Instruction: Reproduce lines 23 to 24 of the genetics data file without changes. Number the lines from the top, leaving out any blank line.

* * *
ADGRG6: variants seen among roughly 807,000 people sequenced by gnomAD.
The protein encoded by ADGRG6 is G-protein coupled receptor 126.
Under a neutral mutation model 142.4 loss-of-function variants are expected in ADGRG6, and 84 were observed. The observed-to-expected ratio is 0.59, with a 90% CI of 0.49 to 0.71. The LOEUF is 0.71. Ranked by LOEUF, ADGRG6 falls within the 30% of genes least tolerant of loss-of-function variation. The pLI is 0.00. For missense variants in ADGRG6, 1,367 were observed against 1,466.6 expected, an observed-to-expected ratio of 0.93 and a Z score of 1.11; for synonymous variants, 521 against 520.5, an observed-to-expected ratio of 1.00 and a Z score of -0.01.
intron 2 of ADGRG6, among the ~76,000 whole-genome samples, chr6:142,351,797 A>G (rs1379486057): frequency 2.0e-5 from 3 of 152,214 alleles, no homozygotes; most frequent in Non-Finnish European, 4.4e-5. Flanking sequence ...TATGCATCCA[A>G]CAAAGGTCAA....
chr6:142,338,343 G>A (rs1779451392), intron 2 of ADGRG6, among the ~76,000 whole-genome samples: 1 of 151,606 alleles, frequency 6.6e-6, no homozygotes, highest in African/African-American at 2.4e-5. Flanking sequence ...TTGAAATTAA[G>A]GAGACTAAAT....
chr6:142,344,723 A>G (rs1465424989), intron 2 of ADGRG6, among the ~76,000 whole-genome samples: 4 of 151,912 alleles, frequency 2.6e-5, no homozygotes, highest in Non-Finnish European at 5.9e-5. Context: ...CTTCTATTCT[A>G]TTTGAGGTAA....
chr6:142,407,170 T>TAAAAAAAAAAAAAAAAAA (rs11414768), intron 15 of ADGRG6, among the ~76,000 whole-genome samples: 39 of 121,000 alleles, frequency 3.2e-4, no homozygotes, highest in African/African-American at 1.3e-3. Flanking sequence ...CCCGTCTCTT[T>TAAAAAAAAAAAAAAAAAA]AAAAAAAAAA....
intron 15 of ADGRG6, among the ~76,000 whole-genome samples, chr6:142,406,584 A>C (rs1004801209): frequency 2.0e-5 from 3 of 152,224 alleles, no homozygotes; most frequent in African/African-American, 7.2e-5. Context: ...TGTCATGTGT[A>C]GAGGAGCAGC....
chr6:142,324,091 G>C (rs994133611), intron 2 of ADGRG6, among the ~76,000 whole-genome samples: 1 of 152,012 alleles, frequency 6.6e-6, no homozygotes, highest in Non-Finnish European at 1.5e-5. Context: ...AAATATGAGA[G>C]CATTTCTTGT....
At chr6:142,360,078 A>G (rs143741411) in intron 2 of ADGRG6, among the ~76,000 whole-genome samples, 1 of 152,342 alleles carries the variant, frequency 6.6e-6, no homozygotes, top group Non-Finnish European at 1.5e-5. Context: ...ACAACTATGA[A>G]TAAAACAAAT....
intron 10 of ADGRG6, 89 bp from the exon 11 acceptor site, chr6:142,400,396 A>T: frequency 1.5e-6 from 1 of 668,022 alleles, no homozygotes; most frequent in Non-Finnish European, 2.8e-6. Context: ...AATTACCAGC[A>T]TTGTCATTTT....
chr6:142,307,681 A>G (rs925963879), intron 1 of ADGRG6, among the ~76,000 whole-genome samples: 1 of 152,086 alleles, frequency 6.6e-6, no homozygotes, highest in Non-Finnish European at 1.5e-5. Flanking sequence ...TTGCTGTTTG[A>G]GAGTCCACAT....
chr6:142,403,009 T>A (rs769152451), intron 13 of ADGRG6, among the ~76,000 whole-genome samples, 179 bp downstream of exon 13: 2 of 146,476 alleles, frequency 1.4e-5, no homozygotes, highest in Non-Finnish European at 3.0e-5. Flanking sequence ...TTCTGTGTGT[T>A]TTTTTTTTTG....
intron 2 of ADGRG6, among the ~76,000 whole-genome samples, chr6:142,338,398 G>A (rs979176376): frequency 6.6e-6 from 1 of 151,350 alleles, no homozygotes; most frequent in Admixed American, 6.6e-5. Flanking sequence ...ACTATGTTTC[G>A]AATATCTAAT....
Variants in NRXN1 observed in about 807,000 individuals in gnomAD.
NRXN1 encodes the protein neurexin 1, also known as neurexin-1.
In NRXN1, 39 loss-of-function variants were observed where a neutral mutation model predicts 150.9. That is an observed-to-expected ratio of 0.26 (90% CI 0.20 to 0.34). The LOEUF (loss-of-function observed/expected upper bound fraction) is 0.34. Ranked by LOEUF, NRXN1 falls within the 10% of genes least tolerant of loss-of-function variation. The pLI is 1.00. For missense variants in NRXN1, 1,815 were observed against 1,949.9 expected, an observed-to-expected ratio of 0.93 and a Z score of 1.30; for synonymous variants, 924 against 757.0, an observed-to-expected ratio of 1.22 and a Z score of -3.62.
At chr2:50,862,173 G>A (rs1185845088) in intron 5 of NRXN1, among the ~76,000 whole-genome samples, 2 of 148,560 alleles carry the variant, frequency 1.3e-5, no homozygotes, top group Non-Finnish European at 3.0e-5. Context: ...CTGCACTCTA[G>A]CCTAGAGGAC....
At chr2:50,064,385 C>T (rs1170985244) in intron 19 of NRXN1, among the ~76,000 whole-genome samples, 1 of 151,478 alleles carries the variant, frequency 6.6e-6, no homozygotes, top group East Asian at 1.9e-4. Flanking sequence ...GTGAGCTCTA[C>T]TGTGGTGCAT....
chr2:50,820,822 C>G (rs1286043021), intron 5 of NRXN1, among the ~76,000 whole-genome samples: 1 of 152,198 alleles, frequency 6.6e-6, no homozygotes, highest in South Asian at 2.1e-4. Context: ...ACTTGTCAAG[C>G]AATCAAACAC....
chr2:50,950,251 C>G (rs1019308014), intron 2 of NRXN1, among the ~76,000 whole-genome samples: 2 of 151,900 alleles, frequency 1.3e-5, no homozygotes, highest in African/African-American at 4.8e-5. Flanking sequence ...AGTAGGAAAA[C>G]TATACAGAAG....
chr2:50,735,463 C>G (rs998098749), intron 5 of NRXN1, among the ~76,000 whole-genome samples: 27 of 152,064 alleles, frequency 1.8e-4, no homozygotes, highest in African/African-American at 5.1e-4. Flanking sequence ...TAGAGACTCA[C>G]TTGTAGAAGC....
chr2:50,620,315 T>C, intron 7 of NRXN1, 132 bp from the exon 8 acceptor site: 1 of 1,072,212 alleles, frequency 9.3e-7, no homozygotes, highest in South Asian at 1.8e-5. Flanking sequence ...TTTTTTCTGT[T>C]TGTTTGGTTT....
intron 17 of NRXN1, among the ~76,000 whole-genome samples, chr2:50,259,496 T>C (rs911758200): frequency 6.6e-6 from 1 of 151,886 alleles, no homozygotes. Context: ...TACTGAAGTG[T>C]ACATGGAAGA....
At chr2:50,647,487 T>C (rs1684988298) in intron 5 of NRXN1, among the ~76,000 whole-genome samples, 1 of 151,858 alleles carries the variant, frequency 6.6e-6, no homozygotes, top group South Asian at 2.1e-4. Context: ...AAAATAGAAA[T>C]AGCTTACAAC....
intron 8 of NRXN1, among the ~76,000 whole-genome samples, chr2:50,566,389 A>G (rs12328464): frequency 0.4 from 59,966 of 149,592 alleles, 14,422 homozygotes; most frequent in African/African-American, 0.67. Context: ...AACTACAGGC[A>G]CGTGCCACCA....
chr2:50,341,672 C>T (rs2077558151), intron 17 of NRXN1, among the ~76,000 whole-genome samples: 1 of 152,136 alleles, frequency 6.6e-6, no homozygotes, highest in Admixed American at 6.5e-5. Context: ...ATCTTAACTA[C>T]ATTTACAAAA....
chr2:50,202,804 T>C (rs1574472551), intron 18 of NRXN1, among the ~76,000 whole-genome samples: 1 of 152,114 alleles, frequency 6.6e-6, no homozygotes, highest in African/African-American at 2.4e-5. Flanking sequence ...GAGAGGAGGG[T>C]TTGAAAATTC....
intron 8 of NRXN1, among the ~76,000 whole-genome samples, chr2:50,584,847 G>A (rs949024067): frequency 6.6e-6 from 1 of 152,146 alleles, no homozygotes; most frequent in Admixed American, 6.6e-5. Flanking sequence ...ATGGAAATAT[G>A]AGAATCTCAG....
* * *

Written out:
chr2:50,620,315 T>C, intron 7 of NRXN1, 132 bp from the exon 8 acceptor site: 1 of 1,072,212 alleles, frequency 9.3e-7, no homozygotes, highest in South Asian at 1.8e-5. Flanking sequence ...TTTTTTCTGT[T>C]TGTTTGGTTT....
intron 17 of NRXN1, among the ~76,000 whole-genome samples, chr2:50,259,496 T>C (rs911758200): frequency 6.6e-6 from 1 of 151,886 alleles, no homozygotes. Context: ...TACTGAAGTG[T>C]ACATGGAAGA....